Tony Award-winning composer Jerry Herman, who wrote the cheerful, good-natured music and lyrics for such classic shows as “Mame,” “Hello, Dolly!” and “La Cage aux Folles,” died Thursday. He was 88.
His goddaughter Jane Dorian confirmed his death to The Associated Press early Friday. He died of pulmonary complications in Miami, where he had been living with his partner, real estate broker Terry Marler.
The creator of 10 Broadway shows and contributor to several more, Herman won two Tony Awards for best musical: “Hello, Dolly!” in 1964 and “La Cage aux Folles” in 1983. He also won two Grammys — for the “Mame” cast album and “Hello, Dolly!” as song of the year — and was a Kennedy Center honoree. He had three original Broadway productions playing at the same time from February 1969 to May 1969.
Tributes poured in Friday from Broadway royalty, including from Harvey Fierstein, who wrote the book of “La Cage aux Folles” alongside Herman’s songs. “We lost one of the greats,” Fierstein tweeted. “A collaborator and friend for almost 40 years. I cannot thank him enough for his love, trust, encouragement, support and laughter.” Writer and host Seth Rudetsky honored Herman for writing “quintessential Broadway songs. Beautiful melodies and fantastic lyrics.”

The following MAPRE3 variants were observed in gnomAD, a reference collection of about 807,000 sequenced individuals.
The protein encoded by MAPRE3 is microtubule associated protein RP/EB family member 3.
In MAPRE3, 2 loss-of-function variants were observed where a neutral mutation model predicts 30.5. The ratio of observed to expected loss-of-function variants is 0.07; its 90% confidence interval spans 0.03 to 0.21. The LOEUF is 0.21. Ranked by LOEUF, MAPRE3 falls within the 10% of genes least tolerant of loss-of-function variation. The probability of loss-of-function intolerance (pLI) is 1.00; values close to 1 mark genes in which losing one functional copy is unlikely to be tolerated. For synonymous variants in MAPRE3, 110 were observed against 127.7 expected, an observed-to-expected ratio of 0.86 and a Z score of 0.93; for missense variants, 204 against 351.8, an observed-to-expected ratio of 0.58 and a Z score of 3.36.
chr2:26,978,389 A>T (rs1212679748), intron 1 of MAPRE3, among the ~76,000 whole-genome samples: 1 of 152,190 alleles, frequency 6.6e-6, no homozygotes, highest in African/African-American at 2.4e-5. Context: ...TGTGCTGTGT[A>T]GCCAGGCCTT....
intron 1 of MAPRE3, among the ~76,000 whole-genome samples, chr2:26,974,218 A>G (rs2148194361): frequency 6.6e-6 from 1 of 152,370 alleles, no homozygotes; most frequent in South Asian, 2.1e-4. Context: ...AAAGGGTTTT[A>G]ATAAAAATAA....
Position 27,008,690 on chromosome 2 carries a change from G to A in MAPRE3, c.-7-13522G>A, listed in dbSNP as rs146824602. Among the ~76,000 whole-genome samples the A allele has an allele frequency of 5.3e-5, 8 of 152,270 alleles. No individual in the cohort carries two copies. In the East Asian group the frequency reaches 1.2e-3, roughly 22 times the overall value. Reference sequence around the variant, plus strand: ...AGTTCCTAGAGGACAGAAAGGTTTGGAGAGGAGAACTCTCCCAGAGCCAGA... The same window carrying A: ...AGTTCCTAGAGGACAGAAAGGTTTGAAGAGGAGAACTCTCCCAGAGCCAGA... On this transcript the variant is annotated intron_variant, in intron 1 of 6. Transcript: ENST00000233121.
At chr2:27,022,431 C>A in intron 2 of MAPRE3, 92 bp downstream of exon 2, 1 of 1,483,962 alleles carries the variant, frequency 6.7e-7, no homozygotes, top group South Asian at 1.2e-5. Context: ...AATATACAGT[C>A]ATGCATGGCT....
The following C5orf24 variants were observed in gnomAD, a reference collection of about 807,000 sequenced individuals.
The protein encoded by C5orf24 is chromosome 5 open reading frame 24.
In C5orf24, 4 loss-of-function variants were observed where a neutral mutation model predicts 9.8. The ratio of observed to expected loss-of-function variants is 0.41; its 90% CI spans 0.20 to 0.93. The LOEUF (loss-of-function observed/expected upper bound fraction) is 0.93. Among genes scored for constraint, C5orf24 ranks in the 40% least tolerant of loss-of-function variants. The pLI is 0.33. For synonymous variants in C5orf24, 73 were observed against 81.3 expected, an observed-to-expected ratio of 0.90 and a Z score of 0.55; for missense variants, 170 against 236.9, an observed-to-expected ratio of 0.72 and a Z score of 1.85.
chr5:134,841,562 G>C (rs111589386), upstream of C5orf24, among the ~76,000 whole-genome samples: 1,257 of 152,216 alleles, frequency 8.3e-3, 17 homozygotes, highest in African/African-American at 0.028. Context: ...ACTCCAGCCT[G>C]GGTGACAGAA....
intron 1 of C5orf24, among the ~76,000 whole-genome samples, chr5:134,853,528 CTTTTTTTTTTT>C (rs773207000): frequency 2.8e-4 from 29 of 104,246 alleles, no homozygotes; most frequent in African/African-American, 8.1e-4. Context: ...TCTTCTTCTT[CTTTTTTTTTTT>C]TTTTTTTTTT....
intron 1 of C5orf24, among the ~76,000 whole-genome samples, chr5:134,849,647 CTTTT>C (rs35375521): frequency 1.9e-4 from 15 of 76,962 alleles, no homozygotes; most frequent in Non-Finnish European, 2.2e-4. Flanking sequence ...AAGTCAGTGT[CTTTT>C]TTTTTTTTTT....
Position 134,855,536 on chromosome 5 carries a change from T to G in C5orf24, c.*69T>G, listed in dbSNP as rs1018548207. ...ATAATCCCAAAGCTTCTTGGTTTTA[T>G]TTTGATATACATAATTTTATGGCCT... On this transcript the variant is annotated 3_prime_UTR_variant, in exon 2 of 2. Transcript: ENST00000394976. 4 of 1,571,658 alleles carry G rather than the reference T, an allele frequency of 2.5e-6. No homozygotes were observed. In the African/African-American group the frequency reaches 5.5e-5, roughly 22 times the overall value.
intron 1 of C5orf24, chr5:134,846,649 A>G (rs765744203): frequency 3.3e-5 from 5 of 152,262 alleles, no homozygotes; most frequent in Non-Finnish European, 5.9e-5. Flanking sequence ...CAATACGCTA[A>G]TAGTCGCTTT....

Herman wrote in the Rodgers and Hammerstein tradition, an optimistic composer at a time when others in his profession were exploring darker feelings and material. Just a few of his song titles revealed his depth of hope: “I’ll Be Here Tomorrow,” “The Best of Times,” “Tap Your Troubles Away,” “It’s Today,” “We Need a Little Christmas” and “Before the Parade Passes By.” Even the title song to “Hello, Dolly!” is an advertisement to enjoy life.
Herman also had a direct, simple sense of melody and his lyrics had a natural, unforced quality. Over the years, he told the AP in 1995, “critics have sort of tossed me off as the popular and not the cerebral writer, and that was fine with me. That was exactly what I aimed at.”
In accepting the Tony in 1984 for “La Cage Aux Folles,” Herman said, “This award forever shatters a myth about the musical theater. There’s been a rumor around for a couple of years that the simple, hummable show tune was no longer welcome on Broadway. Well, it’s alive and well at the Palace” Theatre.
Some saw that phrase — “the simple, hummable show tune” — as a subtle dig at Stephen Sondheim, known for challenging and complex songs and whose “Sunday in the Park with George” Herman had just bested. But Herman rejected any tension between the two musical theater giants.
“Only a small group of ‘showbiz gossips’ have constantly tried to create a feud between Mr. Sondheim and myself. I am as much of a Sondheim fan as you and everybody else in the world, and I believe that my comments upon winning the Tony for ‘La Cage’ clearly came from my delight with the show business community’s endorsement of the simple melodic showtune which had been criticized by a few hard-nosed critics as being old fashioned,” he said in a 2004 Q&A session with readers of Broadway.com.